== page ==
A group of Vietnam War veterans and Carter-Riverside High School alumni remain on the offensive as they fight to install a memorial marker on the campus in eastern Fort Worth. Last summer, we visited with one of the veterans, Joe King, who was upset that school officials didn’t appear to be overly helpful or excited about erecting a memorial, even though the alumni group –– The Eagle Cup and Ball –– would be footing the bill.
A fed-up King called us to complain that efforts to erect the memorial to honor school alumni who served in Vietnam from the 1950s to the 1970s had turned into a maddening series of bureaucratic snafus. King graduated from Carter-Riverside in 1968 and has seen many of his old war buddies die off in recent years. His group of vets “wanted to do something for these guys before all of them pass away,” he told us last summer.
We contacted the school district’s communications executive director Clint Bond to find out what was happening. Bond said the group’s proposal needed to be formalized in writing, outlining exactly what they had in mind. Then the plan would need to be scrutinized to see if it met policies for gifts and monuments. The vets agreed to submit a proposal.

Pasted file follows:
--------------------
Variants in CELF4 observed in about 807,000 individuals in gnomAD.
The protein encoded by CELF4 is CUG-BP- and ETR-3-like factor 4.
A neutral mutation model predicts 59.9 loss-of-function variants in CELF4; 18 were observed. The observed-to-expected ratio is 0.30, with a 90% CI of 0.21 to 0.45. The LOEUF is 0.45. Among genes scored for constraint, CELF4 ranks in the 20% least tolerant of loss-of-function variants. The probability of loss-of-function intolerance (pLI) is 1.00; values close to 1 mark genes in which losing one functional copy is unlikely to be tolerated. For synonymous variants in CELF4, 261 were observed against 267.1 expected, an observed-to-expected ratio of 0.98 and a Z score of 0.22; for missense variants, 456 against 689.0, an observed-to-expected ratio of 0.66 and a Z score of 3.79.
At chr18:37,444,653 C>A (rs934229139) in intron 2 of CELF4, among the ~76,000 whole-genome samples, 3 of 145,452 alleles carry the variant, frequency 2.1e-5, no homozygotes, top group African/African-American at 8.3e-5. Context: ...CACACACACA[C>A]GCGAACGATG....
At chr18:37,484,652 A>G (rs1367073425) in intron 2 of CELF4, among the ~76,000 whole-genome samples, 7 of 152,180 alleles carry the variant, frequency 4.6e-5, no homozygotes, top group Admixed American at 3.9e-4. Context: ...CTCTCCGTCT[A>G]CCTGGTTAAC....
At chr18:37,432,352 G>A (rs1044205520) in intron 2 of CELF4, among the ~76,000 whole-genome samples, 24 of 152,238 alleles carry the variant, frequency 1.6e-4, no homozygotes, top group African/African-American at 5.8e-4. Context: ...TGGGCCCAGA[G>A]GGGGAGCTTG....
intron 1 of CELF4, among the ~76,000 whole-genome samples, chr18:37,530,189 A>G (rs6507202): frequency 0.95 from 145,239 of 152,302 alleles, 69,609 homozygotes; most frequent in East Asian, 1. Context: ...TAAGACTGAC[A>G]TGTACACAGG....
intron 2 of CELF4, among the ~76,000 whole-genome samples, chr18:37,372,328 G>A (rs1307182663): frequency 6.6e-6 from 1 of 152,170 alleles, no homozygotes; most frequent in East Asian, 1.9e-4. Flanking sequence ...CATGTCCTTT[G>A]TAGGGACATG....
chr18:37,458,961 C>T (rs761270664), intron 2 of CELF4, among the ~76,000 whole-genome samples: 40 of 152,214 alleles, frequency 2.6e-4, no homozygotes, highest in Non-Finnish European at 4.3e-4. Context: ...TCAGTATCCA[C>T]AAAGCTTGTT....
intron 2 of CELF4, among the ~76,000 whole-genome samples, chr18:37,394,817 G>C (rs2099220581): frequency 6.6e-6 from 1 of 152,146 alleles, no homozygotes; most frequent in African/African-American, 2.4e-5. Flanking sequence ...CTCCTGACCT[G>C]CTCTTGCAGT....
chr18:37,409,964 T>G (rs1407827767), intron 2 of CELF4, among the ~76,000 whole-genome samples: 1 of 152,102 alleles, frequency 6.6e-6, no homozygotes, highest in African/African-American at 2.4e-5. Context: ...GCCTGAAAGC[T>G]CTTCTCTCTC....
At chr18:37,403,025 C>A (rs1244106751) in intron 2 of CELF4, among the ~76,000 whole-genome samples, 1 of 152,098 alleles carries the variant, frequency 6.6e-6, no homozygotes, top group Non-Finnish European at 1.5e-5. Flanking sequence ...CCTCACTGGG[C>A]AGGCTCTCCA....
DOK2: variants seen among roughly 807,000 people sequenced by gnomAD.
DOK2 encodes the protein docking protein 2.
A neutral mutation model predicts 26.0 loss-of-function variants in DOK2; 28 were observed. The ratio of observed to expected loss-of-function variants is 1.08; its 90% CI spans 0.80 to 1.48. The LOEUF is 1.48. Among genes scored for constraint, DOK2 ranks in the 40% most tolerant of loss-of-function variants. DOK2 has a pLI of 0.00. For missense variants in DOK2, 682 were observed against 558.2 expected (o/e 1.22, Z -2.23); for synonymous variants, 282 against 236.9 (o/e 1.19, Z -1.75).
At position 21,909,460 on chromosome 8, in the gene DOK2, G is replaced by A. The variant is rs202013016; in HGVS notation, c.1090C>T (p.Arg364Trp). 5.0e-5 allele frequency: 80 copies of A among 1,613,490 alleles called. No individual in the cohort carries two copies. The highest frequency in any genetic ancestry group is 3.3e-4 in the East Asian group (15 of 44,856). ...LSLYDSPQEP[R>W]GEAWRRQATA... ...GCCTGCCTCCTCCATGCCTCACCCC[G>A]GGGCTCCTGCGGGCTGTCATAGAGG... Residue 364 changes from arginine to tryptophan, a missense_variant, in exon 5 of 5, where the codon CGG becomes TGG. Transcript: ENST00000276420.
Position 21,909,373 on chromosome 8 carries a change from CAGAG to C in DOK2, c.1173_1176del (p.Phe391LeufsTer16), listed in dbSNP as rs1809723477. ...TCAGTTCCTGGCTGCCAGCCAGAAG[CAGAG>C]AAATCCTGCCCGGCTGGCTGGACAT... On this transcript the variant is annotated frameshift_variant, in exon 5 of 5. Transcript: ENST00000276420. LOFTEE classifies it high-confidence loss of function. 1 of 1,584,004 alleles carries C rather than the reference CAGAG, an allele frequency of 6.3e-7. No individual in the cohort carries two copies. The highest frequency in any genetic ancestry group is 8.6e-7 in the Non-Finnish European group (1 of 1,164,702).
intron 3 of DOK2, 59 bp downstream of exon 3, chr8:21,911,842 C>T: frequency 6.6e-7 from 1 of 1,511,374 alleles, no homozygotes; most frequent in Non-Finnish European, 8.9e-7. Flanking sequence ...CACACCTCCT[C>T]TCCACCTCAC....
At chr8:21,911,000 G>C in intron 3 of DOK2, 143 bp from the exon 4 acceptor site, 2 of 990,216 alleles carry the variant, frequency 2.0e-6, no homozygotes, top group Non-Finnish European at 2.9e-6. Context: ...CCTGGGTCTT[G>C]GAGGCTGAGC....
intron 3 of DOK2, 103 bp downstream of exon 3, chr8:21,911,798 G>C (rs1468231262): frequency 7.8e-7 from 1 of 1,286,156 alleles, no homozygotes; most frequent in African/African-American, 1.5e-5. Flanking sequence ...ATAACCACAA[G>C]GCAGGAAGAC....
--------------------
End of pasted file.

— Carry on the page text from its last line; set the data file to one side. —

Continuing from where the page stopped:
Seven months later, we figured the memorial would have been completed by now.
King’s group won approval to have a memorial plaque or bench included as part of a major expansion that is currently underway at the school. Under that plan, the memorial would have been placed in a school courtyard. The vets, though, weren’t satisfied.
“That’s nice, but it’s not really what we’re looking for,” King told us recently. “It just doesn’t provide the public access to it that we really want. If somebody comes in on the weekend and says, ‘Hey, I want to go visit the Vietnam memorial,’ if it was inside the courtyard, it would be closed off for access. Plus, any visitor going during normal hours would have to pass through the school office for security clearance.”
The vets want to erect a memorial near the concrete bandstand that sits near the intersection of Yucca Avenue and Riverside Drive.
“We figured a standalone monument would match up very well with that,” King said.
For that to happen, the group must win approval from the city’s Historic & Cultural Landmarks Commission since the school is designated a historic landmark.
The school district “is cooperating,” King said, “but we can’t take it any further until we get historical commission approval. We will take a design to them and explain what we’re trying to do. We’ll have to bring our design to their standards.”